Scholar & Employee FAQs and Travel Considerations During the COVID19 Pandemic
Tuesday, August 12
The ISSO Scholar Team continues to provide services remotely while the ISSO is closed to walk-in traffic. Please contact your advisor directly to set up a phone call or Zoom appointment. We understand that our scholars and sponsoring departments have many questions during these challenging circumstances. We will continue to update the information as new information becomes available, so we recommend that you check this page regularly for up-to-date information.
Given the shifting nature of things, there is risk to international travel at this time. Before departing the U.S., we recommend that you check with your airline and the government of the country you are traveling to in order to learn of any restrictions or quarantine requirements once you arrive. In addition, please continue to review information about travel restrictions, travel bans or quarantines for your return to the U.S. In many parts of the world, movement is being restricted severely with little to no warning.
For BU Sponsored J-1 Exchange Visitors
We can keep the J-1 SEVIS record active for J-1 scholars who are conducting research remotely during the COVID-19 outbreak provided they have received approval from their research supervisor. Thus, you can continue to engage in your BU research while outside the US until you are able to return to BU. Please note that getting a new travel signature on your Form DS-2019 is not necessary to leave the U.S. We recommend that you contact your advisor to determine if you will need a new Form DS-2019 and travel signature once you determine that you are able to return to the BU campus.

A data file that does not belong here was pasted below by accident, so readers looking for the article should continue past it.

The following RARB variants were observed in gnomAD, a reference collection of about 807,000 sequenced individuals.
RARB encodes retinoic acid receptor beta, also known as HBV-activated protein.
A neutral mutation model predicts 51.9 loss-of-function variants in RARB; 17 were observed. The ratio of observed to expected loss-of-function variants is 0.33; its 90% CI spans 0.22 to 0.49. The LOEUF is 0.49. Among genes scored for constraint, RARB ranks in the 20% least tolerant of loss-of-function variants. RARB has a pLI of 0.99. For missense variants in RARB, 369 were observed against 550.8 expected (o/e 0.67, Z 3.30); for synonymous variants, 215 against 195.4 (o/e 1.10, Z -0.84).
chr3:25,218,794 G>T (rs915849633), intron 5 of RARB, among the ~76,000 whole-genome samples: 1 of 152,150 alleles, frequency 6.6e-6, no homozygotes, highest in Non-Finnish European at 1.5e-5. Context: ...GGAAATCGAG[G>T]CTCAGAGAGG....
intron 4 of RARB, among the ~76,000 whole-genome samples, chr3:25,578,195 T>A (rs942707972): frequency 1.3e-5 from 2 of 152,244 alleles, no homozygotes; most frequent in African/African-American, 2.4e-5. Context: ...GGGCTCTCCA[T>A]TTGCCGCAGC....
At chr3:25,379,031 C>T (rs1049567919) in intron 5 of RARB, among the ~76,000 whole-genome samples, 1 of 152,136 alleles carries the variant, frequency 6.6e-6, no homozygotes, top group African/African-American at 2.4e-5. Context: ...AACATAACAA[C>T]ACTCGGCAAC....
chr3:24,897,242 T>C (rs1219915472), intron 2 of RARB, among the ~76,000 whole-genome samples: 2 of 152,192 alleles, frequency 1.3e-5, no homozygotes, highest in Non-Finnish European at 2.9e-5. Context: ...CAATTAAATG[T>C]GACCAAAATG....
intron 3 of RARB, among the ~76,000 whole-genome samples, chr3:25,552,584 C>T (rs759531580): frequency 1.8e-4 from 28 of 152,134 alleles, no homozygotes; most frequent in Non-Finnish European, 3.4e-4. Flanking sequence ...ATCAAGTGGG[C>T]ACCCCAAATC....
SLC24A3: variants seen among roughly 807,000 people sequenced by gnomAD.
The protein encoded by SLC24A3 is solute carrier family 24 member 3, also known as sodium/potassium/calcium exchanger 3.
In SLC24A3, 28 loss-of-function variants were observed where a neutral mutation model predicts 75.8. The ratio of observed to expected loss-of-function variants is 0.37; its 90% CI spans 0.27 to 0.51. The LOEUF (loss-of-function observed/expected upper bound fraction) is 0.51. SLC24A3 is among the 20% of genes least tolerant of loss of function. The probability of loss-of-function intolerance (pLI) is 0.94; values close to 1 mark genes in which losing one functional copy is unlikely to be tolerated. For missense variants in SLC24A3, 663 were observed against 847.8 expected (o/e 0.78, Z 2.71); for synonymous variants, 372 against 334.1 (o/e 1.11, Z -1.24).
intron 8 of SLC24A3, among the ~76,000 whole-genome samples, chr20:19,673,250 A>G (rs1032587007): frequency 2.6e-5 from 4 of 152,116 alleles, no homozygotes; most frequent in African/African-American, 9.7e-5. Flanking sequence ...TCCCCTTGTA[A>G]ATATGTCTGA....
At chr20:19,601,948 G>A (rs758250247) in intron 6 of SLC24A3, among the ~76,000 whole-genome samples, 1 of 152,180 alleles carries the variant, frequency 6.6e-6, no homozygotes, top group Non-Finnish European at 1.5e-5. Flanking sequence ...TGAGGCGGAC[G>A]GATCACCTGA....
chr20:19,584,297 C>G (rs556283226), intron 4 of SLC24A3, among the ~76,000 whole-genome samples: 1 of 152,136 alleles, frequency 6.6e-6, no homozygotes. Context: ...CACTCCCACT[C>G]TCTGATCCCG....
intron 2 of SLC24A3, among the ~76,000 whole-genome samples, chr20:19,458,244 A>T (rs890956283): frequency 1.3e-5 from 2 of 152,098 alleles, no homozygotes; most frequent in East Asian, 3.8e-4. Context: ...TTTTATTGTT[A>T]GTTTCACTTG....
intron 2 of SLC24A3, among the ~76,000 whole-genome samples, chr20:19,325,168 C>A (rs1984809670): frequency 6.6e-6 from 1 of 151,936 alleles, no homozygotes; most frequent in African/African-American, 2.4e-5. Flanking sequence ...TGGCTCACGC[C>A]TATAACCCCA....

For scholars who must obtain new or renewed visa to return to the US
The Department of State (DOS) has suspended all routine visa services due to COVID-19 pandemic. U.S. Embassies and Consulates have cancelled all immigrant and non-immigrant visa interview appointments. Therefore, new and continuing scholars who require a new visa or visa renewal to enter the U.S. may experience delays in obtaining this important documentation. DOS has indicated that visa applicants with an urgent matter who need to travel immediately should follow the instructions on the their Embassy’s website to request an emergency appointment. At this time, only medical personnel, especially those who are working to treat or mitigate the effects of COVID-19 will be considered urgent.
In addition to the suspension of routine visa services, a June update to the Presidential Proclamation banning immigrant visas now also bans visa processing for certain non-immigrant visa classifications until the end of the year. Employees who are in need of either a new or renewed H-1B visa stamp, as well as any dependents who require an H-4 visa stamp to re-enter the US are affected by this ban and may not be eligible to apply for their visa and return to the US in the H-1B (or H-4) classification until early 2021.